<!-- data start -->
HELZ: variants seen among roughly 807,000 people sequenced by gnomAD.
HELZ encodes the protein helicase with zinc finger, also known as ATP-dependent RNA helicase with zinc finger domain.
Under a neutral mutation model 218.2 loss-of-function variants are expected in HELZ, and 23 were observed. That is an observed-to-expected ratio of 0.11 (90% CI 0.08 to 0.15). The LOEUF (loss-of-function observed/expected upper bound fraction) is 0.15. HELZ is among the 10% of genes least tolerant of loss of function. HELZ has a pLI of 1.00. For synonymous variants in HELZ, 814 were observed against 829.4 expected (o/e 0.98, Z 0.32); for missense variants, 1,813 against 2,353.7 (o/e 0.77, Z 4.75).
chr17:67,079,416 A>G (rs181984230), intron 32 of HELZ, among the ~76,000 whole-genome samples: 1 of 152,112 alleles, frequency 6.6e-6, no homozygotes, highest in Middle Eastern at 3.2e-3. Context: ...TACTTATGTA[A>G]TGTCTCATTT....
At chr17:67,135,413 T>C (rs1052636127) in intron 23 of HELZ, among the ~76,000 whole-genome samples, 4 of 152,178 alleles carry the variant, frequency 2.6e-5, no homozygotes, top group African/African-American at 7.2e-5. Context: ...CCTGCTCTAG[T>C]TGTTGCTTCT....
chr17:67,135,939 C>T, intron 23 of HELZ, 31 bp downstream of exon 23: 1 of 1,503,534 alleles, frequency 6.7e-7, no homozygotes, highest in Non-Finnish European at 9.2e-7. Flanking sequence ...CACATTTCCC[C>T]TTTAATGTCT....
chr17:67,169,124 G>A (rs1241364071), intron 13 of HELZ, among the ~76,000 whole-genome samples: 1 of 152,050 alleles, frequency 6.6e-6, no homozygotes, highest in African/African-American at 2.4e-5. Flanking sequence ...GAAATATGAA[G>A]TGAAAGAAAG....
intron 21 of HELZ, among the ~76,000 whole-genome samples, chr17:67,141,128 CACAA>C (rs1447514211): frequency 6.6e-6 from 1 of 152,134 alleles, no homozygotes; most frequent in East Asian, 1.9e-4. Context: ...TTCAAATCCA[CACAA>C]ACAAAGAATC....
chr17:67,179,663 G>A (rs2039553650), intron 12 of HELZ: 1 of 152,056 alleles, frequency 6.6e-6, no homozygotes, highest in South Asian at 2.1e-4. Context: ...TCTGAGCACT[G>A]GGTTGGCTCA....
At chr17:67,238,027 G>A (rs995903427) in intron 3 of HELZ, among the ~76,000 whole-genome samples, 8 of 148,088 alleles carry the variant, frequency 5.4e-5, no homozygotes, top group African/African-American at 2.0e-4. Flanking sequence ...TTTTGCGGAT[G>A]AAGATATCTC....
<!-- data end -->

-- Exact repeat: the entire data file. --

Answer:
HELZ: variants seen among roughly 807,000 people sequenced by gnomAD.
HELZ encodes the protein helicase with zinc finger, also known as ATP-dependent RNA helicase with zinc finger domain.
Under a neutral mutation model 218.2 loss-of-function variants are expected in HELZ, and 23 were observed. That is an observed-to-expected ratio of 0.11 (90% CI 0.08 to 0.15). The LOEUF (loss-of-function observed/expected upper bound fraction) is 0.15. HELZ is among the 10% of genes least tolerant of loss of function. HELZ has a pLI of 1.00. For synonymous variants in HELZ, 814 were observed against 829.4 expected (o/e 0.98, Z 0.32); for missense variants, 1,813 against 2,353.7 (o/e 0.77, Z 4.75).
chr17:67,079,416 A>G (rs181984230), intron 32 of HELZ, among the ~76,000 whole-genome samples: 1 of 152,112 alleles, frequency 6.6e-6, no homozygotes, highest in Middle Eastern at 3.2e-3. Context: ...TACTTATGTA[A>G]TGTCTCATTT....
At chr17:67,135,413 T>C (rs1052636127) in intron 23 of HELZ, among the ~76,000 whole-genome samples, 4 of 152,178 alleles carry the variant, frequency 2.6e-5, no homozygotes, top group African/African-American at 7.2e-5. Context: ...CCTGCTCTAG[T>C]TGTTGCTTCT....
chr17:67,135,939 C>T, intron 23 of HELZ, 31 bp downstream of exon 23: 1 of 1,503,534 alleles, frequency 6.7e-7, no homozygotes, highest in Non-Finnish European at 9.2e-7. Flanking sequence ...CACATTTCCC[C>T]TTTAATGTCT....
chr17:67,169,124 G>A (rs1241364071), intron 13 of HELZ, among the ~76,000 whole-genome samples: 1 of 152,050 alleles, frequency 6.6e-6, no homozygotes, highest in African/African-American at 2.4e-5. Flanking sequence ...GAAATATGAA[G>A]TGAAAGAAAG....
intron 21 of HELZ, among the ~76,000 whole-genome samples, chr17:67,141,128 CACAA>C (rs1447514211): frequency 6.6e-6 from 1 of 152,134 alleles, no homozygotes; most frequent in East Asian, 1.9e-4. Context: ...TTCAAATCCA[CACAA>C]ACAAAGAATC....
chr17:67,179,663 G>A (rs2039553650), intron 12 of HELZ: 1 of 152,056 alleles, frequency 6.6e-6, no homozygotes, highest in South Asian at 2.1e-4. Context: ...TCTGAGCACT[G>A]GGTTGGCTCA....
At chr17:67,238,027 G>A (rs995903427) in intron 3 of HELZ, among the ~76,000 whole-genome samples, 8 of 148,088 alleles carry the variant, frequency 5.4e-5, no homozygotes, top group African/African-American at 2.0e-4. Flanking sequence ...TTTTGCGGAT[G>A]AAGATATCTC....